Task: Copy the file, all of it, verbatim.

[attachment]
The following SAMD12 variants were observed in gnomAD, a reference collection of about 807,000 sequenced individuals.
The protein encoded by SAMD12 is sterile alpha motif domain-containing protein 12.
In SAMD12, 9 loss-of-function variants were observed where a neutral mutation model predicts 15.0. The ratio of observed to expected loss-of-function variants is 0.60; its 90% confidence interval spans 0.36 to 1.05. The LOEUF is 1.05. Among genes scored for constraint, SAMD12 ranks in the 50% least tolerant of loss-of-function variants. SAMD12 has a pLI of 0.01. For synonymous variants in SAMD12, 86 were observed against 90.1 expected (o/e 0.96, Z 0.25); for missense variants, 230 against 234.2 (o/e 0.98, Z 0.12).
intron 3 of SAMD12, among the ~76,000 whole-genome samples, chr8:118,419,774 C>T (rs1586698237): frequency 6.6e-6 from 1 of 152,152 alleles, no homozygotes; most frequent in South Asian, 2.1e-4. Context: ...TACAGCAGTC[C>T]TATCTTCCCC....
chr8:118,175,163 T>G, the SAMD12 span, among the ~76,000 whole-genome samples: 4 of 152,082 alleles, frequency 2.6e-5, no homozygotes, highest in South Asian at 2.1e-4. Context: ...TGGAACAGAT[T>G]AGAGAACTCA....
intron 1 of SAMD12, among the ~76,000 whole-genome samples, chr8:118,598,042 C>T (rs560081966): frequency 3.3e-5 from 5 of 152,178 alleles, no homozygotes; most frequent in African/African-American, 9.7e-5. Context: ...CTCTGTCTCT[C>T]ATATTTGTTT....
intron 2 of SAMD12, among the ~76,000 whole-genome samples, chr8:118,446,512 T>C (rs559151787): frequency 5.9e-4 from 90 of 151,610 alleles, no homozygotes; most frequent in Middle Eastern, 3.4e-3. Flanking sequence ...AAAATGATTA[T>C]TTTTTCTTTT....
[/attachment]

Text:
The following SAMD12 variants were observed in gnomAD, a reference collection of about 807,000 sequenced individuals.
The protein encoded by SAMD12 is sterile alpha motif domain-containing protein 12.
In SAMD12, 9 loss-of-function variants were observed where a neutral mutation model predicts 15.0. The ratio of observed to expected loss-of-function variants is 0.60; its 90% confidence interval spans 0.36 to 1.05. The LOEUF is 1.05. Among genes scored for constraint, SAMD12 ranks in the 50% least tolerant of loss-of-function variants. SAMD12 has a pLI of 0.01. For synonymous variants in SAMD12, 86 were observed against 90.1 expected (o/e 0.96, Z 0.25); for missense variants, 230 against 234.2 (o/e 0.98, Z 0.12).
intron 3 of SAMD12, among the ~76,000 whole-genome samples, chr8:118,419,774 C>T (rs1586698237): frequency 6.6e-6 from 1 of 152,152 alleles, no homozygotes; most frequent in South Asian, 2.1e-4. Context: ...TACAGCAGTC[C>T]TATCTTCCCC....
chr8:118,175,163 T>G, the SAMD12 span, among the ~76,000 whole-genome samples: 4 of 152,082 alleles, frequency 2.6e-5, no homozygotes, highest in South Asian at 2.1e-4. Context: ...TGGAACAGAT[T>G]AGAGAACTCA....
intron 1 of SAMD12, among the ~76,000 whole-genome samples, chr8:118,598,042 C>T (rs560081966): frequency 3.3e-5 from 5 of 152,178 alleles, no homozygotes; most frequent in African/African-American, 9.7e-5. Context: ...CTCTGTCTCT[C>T]ATATTTGTTT....
intron 2 of SAMD12, among the ~76,000 whole-genome samples, chr8:118,446,512 T>C (rs559151787): frequency 5.9e-4 from 90 of 151,610 alleles, no homozygotes; most frequent in Middle Eastern, 3.4e-3. Flanking sequence ...AAAATGATTA[T>C]TTTTTCTTTT....